1. Is there a rule that says wedding guests can’t wear black or white?
Not anymore. Unlike the bridesmaids, you can wear any color you want. However, if you do choose white, make sure “it doesn’t look remotely bridal,” suggests etiquette expert Peggy Post, director of the Emily Post Institute. If you opt for black, “it should look chic, not funereal.” You should also consider the time of day, location, and any religious restrictions (for example, no bare shoulders or risqué necklines).
2. Speaking of church weddings, do I need to dress really conservatively?
It depends on the venue and time of day – some weddings are formal and others more relaxed, says Diane Gottsman, a national etiquette expert and founder of The Protocol School of Texas. Take cues from the wedding invitation. “That will give you a sense of the tone of the event.” A sleeveless sheath dress is generally appropriate for an afternoon church wedding.
3. I have the perfect present in mind. Do I really have to give something off the registry?
“I’m a fan of bridal registries: They help couples suggest gift ideas, avoid duplicate gifts, and simplify gift giving for their guests,” says Post. But choosing your own gift is also okay, she adds. “Often the most memorable gifts are those that guests select themselves.” Translation: Go with your gut. Or if you’re feeling generous, double up. Get something small from the registry, and splurge on the personal pick.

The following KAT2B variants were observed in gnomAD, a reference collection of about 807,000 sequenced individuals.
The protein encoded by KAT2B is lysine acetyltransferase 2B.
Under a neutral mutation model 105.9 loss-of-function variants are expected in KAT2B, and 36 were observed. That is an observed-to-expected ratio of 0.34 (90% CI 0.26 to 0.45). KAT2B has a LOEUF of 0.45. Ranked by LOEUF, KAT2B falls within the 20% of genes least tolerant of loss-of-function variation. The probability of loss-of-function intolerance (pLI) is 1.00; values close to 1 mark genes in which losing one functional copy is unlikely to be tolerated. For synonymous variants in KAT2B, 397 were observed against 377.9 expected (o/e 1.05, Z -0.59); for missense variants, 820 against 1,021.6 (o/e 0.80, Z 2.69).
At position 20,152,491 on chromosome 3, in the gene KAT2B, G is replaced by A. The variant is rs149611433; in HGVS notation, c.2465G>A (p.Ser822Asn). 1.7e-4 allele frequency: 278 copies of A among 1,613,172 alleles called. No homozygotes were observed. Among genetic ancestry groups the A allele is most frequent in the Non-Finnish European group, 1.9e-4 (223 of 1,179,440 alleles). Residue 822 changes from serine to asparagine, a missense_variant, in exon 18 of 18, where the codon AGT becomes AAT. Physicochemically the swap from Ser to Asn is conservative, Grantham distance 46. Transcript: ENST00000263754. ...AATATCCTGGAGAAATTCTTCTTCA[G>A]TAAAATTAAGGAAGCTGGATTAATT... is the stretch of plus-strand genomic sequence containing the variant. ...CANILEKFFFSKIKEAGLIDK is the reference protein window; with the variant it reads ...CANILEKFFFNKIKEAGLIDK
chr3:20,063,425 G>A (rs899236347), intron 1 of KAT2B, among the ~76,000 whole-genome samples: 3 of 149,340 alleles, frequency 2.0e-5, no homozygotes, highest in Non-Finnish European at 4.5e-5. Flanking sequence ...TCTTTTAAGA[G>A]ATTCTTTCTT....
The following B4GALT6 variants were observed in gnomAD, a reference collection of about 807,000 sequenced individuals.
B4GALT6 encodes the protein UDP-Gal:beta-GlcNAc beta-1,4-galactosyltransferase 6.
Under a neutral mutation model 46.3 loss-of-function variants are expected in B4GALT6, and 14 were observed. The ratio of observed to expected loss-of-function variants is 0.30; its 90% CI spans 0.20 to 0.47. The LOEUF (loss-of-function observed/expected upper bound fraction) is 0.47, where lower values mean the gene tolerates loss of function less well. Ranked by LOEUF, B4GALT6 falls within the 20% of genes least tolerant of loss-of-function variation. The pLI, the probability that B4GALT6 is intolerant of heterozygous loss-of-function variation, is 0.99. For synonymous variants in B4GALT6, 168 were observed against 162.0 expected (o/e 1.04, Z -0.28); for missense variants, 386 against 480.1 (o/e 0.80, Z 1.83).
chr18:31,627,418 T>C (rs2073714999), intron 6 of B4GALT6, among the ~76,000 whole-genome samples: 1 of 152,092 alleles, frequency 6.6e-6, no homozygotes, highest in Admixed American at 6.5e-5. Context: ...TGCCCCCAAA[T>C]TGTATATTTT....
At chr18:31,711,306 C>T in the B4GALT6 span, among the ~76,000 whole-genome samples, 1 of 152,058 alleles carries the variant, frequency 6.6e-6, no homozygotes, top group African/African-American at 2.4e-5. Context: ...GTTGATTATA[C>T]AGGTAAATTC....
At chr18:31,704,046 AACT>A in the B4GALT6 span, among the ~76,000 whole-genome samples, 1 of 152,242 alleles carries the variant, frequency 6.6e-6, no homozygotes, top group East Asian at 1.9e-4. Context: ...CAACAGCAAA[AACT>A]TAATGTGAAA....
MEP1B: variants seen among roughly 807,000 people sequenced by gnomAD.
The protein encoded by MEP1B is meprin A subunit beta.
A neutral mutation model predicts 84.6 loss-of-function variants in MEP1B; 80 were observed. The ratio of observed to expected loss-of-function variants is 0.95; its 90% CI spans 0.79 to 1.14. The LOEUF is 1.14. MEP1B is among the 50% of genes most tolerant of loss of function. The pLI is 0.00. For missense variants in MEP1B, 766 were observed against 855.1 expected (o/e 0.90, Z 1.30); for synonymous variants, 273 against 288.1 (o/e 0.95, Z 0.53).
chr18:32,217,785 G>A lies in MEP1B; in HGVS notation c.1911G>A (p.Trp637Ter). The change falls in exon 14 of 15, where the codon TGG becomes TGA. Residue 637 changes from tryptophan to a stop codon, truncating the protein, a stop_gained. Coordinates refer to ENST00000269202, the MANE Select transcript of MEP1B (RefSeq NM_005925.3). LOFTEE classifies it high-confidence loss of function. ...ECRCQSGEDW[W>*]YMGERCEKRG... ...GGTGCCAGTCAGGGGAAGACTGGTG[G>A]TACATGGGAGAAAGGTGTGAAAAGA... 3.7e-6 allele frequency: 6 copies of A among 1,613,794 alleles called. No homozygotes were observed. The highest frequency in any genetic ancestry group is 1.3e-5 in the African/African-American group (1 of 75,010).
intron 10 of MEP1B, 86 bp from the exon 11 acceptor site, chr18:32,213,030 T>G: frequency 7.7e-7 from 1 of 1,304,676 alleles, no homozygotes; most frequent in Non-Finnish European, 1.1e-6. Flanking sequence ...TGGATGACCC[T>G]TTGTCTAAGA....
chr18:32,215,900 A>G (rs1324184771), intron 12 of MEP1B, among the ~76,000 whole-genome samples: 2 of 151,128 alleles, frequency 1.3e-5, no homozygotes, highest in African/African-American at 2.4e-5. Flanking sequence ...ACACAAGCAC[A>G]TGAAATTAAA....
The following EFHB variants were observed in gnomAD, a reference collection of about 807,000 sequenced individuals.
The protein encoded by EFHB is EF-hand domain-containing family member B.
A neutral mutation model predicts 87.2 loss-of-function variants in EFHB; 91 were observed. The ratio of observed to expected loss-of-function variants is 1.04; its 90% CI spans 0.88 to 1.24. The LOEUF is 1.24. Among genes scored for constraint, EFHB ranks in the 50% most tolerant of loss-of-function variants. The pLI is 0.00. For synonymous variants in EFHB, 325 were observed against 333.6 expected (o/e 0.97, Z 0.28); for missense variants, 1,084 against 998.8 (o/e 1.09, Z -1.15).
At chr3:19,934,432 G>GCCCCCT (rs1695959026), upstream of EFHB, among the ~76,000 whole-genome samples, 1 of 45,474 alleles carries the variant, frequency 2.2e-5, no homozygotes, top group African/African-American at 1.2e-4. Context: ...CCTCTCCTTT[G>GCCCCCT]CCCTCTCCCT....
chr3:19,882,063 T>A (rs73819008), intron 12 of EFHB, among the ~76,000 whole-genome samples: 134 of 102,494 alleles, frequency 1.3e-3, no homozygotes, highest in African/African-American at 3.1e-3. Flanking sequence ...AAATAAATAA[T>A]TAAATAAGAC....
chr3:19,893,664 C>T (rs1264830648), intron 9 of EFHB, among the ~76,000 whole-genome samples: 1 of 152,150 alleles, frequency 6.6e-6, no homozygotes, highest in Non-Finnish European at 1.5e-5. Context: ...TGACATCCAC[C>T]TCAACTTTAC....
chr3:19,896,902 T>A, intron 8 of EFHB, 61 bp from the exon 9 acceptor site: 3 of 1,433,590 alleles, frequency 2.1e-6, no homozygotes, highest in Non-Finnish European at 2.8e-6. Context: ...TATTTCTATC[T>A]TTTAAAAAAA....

4. My friend is getting married but it’s her second wedding. I gave her a present the first time. Do I need to give another?
According to Post, if you gave a gift for the first marriage, you’re off the hook for giving again. Of course, some family and friends give anyway to celebrate the couple. Post suggests checking in with other family members before you do anything.
5. I’ve been invited to a wedding I can’t attend. Do I still need to send a gift?
In a nutshell, yes. Send it to the couple ahead of time, so they don’t have to lug it home from the reception, suggests Post. If you don’t ship it before the wedding, do it soon after. “The idea that you have a year is a myth,” says Post.
6. Is it really tacky to just give cash?
“You will not find many couples who would be offended by cash,” says Gottsman. As far as the amount, “what’s adequate is whatever you can give.” But a thoughtful note on a pretty card goes a long way. “The couple will know your gift was from the heart.”
Source: Country Living | Natalie Gontcharova